First impression on unpacking the Q702 test unit was the solid feel and clean, minimalist styling.
- Acceptable print speeds, single drum/toner cartridge
- Meagre RAM, some smudging, Windows only
Canon's LaserShot LBP-3000 runs quietly, quickly and offers acceptable print quality for work documents or assignments - provided you run Windows.
Price$ 229.00 (AUD)
Canon's beige and grey LBP-3000 laser printer looks a little like a paper shredder, but is a good choice for an office worker or home environment with light to moderate demands. The diminutive machine has a footprint similar to an inkjet device, measuring 37 x 25 x 22 cm and weighing in at just over 6kg, so it should fit neatly on most desks.
Canon has only fitted 2MB of memory to the 3000 to keep costs down, but this brings a minor issue along with it. The LBP-3000 relies on the Windows GDI to handle print processing, so the device will only work under Windows and all images have to be pre-processed before being passed to the printer. Mac OS and Linux users are left out in the cold, but this is common for entry-level laser and even ink printers.
Canon is pitching this printer at homes or office staff. As a result, the company has opted to fit a single toner and drum cartridge to simplify replacing and monitoring consumables. The cartridges are rated to last for 2500 pages at 5% coverage on an A4 sheet, which should see several months' use. The 3000 is a great printer for anyone not too comfortable with technology. The single consumable cartridge is easy to replace, and there are even voice prompts to help you if you get stuck. The paper tray will hold 150 A4 sheets, while there's also a manual feed slot for handling cardboard or envelopes.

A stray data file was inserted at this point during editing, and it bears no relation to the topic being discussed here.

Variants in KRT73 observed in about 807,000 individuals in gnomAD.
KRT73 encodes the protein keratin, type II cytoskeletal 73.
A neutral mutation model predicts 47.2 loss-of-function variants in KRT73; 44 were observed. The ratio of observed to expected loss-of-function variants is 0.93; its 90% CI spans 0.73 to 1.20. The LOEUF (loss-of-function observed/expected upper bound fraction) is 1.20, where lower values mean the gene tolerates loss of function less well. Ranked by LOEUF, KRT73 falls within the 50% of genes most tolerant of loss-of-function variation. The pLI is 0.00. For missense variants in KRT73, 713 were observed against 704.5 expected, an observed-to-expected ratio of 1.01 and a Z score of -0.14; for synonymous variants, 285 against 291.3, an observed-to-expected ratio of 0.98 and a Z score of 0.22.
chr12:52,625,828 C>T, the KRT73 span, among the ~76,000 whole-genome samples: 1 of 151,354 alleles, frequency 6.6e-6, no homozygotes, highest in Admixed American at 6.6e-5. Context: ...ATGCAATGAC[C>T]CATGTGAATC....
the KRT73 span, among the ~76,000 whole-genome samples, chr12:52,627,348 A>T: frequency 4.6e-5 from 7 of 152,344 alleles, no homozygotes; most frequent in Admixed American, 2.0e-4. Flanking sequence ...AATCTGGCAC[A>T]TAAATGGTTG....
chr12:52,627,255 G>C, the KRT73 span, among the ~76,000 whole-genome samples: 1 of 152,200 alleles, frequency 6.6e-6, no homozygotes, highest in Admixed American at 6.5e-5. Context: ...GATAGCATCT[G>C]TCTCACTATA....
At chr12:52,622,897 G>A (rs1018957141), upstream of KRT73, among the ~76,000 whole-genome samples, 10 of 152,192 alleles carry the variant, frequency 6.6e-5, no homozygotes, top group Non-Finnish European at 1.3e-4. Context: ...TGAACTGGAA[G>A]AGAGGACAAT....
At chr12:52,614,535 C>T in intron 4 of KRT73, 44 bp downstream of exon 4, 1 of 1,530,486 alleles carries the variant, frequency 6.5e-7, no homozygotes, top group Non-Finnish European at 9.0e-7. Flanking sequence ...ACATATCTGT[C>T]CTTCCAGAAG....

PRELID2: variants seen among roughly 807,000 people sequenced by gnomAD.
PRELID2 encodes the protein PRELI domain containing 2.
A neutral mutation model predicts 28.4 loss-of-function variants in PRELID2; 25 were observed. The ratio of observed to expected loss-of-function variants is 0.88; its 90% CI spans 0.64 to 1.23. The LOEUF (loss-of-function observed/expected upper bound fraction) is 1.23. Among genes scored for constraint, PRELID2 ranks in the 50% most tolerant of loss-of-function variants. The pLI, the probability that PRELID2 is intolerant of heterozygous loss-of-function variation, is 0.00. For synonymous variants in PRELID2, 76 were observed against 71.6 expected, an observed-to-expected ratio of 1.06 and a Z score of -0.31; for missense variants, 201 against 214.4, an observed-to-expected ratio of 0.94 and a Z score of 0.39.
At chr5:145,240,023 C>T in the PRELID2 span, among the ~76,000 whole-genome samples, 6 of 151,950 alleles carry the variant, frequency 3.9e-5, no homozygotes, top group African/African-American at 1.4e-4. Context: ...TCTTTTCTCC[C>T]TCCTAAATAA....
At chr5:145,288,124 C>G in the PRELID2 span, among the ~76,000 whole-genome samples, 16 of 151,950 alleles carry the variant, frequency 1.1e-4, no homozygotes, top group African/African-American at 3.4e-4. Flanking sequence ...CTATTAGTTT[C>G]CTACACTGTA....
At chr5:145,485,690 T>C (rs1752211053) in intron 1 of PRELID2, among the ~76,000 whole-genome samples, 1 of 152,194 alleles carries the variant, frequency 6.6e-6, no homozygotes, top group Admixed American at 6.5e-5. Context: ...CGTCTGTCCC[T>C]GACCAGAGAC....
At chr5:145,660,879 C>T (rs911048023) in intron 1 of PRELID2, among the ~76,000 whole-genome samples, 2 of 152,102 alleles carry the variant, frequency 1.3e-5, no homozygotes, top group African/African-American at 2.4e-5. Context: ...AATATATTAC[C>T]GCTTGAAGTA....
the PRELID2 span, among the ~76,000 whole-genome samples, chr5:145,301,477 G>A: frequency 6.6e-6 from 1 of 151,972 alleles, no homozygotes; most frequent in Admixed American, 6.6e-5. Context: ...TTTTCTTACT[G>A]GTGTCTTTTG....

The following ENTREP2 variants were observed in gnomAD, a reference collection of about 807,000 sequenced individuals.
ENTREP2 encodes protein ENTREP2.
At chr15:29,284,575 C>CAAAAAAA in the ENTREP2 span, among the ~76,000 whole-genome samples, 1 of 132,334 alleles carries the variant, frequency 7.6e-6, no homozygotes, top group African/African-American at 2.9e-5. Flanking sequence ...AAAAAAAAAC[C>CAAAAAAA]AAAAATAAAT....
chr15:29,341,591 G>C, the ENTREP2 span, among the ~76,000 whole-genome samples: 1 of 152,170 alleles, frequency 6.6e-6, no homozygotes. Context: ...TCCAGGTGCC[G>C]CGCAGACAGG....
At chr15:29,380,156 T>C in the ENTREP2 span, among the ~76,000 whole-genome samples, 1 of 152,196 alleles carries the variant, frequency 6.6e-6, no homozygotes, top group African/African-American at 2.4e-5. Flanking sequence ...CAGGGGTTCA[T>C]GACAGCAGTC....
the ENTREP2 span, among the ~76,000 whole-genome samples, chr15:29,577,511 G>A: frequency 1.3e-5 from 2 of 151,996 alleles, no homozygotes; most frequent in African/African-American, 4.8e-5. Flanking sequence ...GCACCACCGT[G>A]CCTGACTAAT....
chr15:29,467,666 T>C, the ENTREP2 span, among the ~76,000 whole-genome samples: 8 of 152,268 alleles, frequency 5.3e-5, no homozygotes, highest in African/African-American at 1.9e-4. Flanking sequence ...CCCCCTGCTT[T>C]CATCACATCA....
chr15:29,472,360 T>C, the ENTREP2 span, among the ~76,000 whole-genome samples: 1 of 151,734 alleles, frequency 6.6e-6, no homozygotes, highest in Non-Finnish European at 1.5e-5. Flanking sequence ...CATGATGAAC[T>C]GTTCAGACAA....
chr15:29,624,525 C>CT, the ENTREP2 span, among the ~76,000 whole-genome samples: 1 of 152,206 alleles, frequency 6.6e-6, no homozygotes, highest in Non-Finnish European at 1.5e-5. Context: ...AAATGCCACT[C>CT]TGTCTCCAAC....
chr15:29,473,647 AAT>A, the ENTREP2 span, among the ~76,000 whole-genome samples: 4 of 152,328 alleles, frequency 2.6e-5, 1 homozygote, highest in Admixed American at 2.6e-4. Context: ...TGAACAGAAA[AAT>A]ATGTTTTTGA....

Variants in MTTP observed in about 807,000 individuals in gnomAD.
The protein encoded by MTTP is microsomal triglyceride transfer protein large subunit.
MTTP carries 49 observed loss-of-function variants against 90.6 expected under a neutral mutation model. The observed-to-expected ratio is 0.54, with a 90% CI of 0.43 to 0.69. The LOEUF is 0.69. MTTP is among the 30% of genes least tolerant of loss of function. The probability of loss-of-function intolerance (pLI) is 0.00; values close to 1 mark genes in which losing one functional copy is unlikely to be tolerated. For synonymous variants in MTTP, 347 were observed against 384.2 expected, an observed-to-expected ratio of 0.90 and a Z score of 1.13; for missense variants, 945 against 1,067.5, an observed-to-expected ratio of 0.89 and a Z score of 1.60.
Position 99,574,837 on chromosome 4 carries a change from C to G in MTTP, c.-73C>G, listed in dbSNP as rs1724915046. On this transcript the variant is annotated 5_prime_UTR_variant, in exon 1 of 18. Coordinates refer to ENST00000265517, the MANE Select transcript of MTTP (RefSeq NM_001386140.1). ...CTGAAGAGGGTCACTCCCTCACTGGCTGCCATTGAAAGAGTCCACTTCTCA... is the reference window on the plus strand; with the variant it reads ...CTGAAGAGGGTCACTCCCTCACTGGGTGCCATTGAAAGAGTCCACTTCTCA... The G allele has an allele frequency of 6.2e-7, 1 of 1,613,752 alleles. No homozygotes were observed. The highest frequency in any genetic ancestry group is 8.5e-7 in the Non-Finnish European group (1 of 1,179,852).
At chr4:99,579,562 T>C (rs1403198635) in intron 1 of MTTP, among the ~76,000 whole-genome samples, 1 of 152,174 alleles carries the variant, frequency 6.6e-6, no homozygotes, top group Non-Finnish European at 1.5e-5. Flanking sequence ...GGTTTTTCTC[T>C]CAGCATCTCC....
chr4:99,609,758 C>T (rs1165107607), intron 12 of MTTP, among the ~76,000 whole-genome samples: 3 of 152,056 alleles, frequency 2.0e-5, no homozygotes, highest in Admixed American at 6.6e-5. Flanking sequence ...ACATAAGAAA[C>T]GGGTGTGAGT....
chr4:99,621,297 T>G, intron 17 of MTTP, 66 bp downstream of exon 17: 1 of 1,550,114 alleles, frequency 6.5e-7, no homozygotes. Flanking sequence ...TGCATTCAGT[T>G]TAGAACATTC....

The 600dpi print engine does a good job with text - especially considering the low purchase price - but the printer has some trouble with extremely fine detail, with banding and smearing evident on closely-spaced high-density black lines. After taking around 10 seconds to print the first page, the 3000 consistently sustained rates of 13 pages per minute, which is fine for most offices or homes.
All up, the 3000 is a solid choice for business or home. It's quick enough for home, offers excellent features for those without much experience with printers, and runs quietly. At this price point, what more could you want?
Latest News Articles
- Final Fantasy X/X-2 HD Remaster (PlayStation Vita) review
- Tamron AF70-300mm lens review
- Windows XP's retirement turns into major security project for Chinese firm
- Top 5 reasons to hate the Samsung Galaxy S5
- Strong PS4 sales create supply problems for Sony
Most Popular Articles
- 1 What's the difference between an Intel Core i3, i5 and i7?
- 2 Windows 7 Home Premium vs. Windows 7 Professional
- 3 Laser vs. inkjet printers: which is better?
- 4 How do I connect my TV to the Internet?
- 5 How to play DVD movies on your Nintendo Wii
GGG Evaluation Team
For work use, Microsoft Word and Excel programs pre-installed on the device are adequate for preparing short documents.
The Fujitsu LifeBook UH574 allowed for great mobility without being obnoxiously heavy or clunky. Its twelve hours of battery life did not disappoint.
The screen was particularly good. It is bright and visible from most angles, however heat is an issue, particularly around the Windows button on the front, and on the back where the battery housing is located.
My first impression after unboxing the Q702 is that it is a nice looking unit. Styling is somewhat minimalist but very effective. The tablet part, once detached, has a nice weight, and no buttons or switches are located in awkward or intrusive positions.